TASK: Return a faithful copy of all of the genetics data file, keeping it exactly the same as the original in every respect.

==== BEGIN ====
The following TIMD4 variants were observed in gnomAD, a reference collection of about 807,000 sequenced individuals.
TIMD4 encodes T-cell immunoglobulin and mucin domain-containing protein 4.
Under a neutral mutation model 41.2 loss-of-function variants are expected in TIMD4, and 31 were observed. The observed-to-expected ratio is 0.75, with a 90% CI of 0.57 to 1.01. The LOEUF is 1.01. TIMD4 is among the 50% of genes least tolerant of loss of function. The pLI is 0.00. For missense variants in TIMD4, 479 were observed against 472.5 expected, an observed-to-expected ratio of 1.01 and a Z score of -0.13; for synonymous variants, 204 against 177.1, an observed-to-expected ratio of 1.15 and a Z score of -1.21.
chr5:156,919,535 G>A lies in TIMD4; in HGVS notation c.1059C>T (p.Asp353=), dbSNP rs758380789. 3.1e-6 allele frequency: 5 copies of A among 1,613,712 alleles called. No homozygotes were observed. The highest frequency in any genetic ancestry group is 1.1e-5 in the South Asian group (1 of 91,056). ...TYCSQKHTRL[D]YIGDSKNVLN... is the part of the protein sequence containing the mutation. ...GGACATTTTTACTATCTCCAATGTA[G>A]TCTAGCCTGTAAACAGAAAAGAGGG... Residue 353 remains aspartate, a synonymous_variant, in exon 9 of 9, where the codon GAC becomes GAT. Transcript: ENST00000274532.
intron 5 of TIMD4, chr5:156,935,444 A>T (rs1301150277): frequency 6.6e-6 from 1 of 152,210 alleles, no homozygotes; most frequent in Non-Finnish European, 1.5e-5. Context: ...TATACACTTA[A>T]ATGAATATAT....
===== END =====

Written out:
The following TIMD4 variants were observed in gnomAD, a reference collection of about 807,000 sequenced individuals.
TIMD4 encodes T-cell immunoglobulin and mucin domain-containing protein 4.
Under a neutral mutation model 41.2 loss-of-function variants are expected in TIMD4, and 31 were observed. The observed-to-expected ratio is 0.75, with a 90% CI of 0.57 to 1.01. The LOEUF is 1.01. TIMD4 is among the 50% of genes least tolerant of loss of function. The pLI is 0.00. For missense variants in TIMD4, 479 were observed against 472.5 expected, an observed-to-expected ratio of 1.01 and a Z score of -0.13; for synonymous variants, 204 against 177.1, an observed-to-expected ratio of 1.15 and a Z score of -1.21.
chr5:156,919,535 G>A lies in TIMD4; in HGVS notation c.1059C>T (p.Asp353=), dbSNP rs758380789. 3.1e-6 allele frequency: 5 copies of A among 1,613,712 alleles called. No homozygotes were observed. The highest frequency in any genetic ancestry group is 1.1e-5 in the South Asian group (1 of 91,056). ...TYCSQKHTRL[D]YIGDSKNVLN... is the part of the protein sequence containing the mutation. ...GGACATTTTTACTATCTCCAATGTA[G>A]TCTAGCCTGTAAACAGAAAAGAGGG... Residue 353 remains aspartate, a synonymous_variant, in exon 9 of 9, where the codon GAC becomes GAT. Transcript: ENST00000274532.
intron 5 of TIMD4, chr5:156,935,444 A>T (rs1301150277): frequency 6.6e-6 from 1 of 152,210 alleles, no homozygotes; most frequent in Non-Finnish European, 1.5e-5. Context: ...TATACACTTA[A>T]ATGAATATAT....